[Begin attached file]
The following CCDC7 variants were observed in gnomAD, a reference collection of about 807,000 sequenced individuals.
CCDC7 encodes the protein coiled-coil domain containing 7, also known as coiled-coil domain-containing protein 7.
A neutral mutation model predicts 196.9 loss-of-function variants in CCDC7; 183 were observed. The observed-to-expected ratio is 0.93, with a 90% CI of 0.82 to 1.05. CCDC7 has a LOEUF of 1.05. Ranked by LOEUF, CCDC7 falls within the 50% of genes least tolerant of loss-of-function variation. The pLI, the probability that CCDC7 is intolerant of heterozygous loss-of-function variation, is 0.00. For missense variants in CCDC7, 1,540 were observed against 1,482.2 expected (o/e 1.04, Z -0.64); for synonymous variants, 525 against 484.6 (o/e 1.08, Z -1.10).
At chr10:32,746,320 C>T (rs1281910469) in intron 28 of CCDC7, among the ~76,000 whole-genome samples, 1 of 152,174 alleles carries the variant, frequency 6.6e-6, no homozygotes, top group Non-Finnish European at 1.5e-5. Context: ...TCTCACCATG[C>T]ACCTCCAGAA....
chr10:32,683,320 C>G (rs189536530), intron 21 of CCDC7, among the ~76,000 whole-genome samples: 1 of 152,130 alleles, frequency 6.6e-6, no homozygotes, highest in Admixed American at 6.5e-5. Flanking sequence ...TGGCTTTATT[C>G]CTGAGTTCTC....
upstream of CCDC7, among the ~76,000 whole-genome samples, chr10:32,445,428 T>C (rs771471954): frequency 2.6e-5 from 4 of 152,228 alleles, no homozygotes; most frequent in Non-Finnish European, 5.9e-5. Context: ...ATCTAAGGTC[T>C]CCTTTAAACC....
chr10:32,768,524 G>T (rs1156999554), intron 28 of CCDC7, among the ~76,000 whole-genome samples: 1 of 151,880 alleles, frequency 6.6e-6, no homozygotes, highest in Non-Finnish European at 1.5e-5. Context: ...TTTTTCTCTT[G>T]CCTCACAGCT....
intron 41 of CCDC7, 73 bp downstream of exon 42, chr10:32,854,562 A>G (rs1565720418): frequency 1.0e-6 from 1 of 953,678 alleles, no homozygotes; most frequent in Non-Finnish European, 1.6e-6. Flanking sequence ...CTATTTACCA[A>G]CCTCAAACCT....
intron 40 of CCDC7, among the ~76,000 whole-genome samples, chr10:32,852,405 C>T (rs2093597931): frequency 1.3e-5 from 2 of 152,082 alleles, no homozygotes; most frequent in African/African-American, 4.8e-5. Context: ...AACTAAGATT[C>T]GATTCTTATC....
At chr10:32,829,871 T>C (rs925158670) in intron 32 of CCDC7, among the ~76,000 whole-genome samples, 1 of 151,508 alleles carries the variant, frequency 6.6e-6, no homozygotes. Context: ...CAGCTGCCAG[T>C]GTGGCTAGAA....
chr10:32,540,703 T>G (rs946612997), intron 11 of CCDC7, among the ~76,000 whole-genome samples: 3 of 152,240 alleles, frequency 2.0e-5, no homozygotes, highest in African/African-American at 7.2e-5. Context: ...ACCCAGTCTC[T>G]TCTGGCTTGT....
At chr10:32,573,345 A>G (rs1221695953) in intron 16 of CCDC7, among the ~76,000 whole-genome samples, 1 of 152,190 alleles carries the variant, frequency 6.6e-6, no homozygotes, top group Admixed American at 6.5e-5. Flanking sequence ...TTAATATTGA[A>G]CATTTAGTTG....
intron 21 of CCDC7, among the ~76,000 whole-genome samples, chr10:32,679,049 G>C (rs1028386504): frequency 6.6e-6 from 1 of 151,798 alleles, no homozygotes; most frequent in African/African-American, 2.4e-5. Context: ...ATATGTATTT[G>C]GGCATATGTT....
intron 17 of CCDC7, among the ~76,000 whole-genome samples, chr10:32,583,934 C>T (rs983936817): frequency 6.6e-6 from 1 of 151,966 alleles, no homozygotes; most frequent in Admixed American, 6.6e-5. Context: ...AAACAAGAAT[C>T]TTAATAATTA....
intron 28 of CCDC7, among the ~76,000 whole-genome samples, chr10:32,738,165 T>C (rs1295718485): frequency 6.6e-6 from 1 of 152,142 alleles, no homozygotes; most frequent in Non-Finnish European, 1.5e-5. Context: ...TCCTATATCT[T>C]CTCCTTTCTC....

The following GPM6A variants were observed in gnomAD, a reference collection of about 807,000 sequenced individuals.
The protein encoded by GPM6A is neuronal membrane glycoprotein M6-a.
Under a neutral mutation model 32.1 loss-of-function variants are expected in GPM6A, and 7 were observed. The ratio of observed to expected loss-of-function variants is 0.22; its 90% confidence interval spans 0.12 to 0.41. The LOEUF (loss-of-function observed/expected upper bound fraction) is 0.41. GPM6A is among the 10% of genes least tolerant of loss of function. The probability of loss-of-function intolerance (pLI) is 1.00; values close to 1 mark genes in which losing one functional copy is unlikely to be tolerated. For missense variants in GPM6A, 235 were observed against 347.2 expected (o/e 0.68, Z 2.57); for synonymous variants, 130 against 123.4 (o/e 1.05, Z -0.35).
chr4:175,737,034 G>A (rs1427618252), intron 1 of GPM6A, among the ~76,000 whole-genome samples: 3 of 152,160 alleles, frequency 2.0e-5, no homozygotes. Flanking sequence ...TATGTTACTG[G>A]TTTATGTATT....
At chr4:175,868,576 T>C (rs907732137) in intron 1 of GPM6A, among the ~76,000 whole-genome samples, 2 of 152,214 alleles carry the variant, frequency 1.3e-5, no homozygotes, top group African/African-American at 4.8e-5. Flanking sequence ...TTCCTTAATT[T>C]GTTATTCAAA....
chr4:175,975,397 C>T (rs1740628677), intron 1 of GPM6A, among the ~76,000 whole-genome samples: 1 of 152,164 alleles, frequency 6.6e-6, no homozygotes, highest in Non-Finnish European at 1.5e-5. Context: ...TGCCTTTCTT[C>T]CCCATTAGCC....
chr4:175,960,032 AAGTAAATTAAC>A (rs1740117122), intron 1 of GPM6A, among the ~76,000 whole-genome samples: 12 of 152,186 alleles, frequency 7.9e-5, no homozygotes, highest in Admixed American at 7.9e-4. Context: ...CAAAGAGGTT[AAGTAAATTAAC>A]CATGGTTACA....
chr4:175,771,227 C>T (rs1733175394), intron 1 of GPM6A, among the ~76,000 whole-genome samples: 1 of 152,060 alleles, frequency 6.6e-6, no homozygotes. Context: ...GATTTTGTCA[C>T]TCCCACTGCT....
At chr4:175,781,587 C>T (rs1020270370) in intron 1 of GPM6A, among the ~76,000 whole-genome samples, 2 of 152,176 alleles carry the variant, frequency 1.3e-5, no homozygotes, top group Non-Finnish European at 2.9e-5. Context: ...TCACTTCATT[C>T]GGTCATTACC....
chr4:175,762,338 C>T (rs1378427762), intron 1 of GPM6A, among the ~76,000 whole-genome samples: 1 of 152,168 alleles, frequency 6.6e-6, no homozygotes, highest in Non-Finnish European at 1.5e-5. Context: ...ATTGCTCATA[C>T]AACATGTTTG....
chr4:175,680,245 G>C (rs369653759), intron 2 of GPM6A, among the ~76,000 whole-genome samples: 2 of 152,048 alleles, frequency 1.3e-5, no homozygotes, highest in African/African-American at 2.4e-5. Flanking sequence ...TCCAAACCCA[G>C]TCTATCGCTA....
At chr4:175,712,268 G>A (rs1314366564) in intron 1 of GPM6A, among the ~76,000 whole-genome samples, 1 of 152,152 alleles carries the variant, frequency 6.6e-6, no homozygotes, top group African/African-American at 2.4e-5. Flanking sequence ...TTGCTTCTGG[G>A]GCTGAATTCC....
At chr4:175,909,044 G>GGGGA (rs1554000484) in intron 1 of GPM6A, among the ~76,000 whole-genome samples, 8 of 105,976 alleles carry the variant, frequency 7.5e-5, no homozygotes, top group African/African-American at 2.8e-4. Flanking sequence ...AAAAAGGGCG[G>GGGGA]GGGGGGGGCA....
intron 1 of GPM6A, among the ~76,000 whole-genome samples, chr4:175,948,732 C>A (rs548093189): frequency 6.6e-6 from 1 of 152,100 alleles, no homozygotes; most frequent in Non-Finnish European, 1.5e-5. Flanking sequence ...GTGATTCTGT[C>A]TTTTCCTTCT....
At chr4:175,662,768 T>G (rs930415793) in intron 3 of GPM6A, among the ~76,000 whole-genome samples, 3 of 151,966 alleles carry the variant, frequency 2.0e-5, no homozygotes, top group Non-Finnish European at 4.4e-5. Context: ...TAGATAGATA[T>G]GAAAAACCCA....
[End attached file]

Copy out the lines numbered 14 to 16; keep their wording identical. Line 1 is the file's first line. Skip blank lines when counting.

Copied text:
intron 17 of CCDC7, among the ~76,000 whole-genome samples, chr10:32,583,934 C>T (rs983936817): frequency 6.6e-6 from 1 of 151,966 alleles, no homozygotes; most frequent in Admixed American, 6.6e-5. Context: ...AAACAAGAAT[C>T]TTAATAATTA....
intron 28 of CCDC7, among the ~76,000 whole-genome samples, chr10:32,738,165 T>C (rs1295718485): frequency 6.6e-6 from 1 of 152,142 alleles, no homozygotes; most frequent in Non-Finnish European, 1.5e-5. Context: ...TCCTATATCT[T>C]CTCCTTTCTC....

The following GPM6A variants were observed in gnomAD, a reference collection of about 807,000 sequenced individuals.